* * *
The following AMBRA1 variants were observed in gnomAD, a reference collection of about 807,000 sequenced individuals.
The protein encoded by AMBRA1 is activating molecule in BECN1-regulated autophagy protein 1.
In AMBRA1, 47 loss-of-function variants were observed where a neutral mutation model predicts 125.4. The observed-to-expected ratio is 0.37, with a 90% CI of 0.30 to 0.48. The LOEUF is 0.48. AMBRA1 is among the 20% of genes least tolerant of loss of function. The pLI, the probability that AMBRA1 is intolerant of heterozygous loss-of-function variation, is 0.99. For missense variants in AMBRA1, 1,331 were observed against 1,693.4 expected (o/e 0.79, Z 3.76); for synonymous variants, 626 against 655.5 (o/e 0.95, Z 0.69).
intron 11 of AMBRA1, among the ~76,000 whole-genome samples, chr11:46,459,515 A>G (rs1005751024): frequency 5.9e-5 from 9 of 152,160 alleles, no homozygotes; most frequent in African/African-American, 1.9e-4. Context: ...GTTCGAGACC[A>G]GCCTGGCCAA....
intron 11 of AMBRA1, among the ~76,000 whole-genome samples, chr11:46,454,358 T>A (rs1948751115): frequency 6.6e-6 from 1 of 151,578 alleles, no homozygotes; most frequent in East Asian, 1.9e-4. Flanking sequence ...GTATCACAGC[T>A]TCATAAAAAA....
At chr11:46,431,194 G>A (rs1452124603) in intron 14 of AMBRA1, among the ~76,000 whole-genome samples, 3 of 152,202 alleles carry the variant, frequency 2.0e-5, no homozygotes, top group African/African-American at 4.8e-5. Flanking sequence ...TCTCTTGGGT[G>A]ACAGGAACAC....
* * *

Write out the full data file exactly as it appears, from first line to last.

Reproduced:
The following AMBRA1 variants were observed in gnomAD, a reference collection of about 807,000 sequenced individuals.
The protein encoded by AMBRA1 is activating molecule in BECN1-regulated autophagy protein 1.
In AMBRA1, 47 loss-of-function variants were observed where a neutral mutation model predicts 125.4. The observed-to-expected ratio is 0.37, with a 90% CI of 0.30 to 0.48. The LOEUF is 0.48. AMBRA1 is among the 20% of genes least tolerant of loss of function. The pLI, the probability that AMBRA1 is intolerant of heterozygous loss-of-function variation, is 0.99. For missense variants in AMBRA1, 1,331 were observed against 1,693.4 expected (o/e 0.79, Z 3.76); for synonymous variants, 626 against 655.5 (o/e 0.95, Z 0.69).
intron 11 of AMBRA1, among the ~76,000 whole-genome samples, chr11:46,459,515 A>G (rs1005751024): frequency 5.9e-5 from 9 of 152,160 alleles, no homozygotes; most frequent in African/African-American, 1.9e-4. Context: ...GTTCGAGACC[A>G]GCCTGGCCAA....
intron 11 of AMBRA1, among the ~76,000 whole-genome samples, chr11:46,454,358 T>A (rs1948751115): frequency 6.6e-6 from 1 of 151,578 alleles, no homozygotes; most frequent in East Asian, 1.9e-4. Flanking sequence ...GTATCACAGC[T>A]TCATAAAAAA....
At chr11:46,431,194 G>A (rs1452124603) in intron 14 of AMBRA1, among the ~76,000 whole-genome samples, 3 of 152,202 alleles carry the variant, frequency 2.0e-5, no homozygotes, top group African/African-American at 4.8e-5. Flanking sequence ...TCTCTTGGGT[G>A]ACAGGAACAC....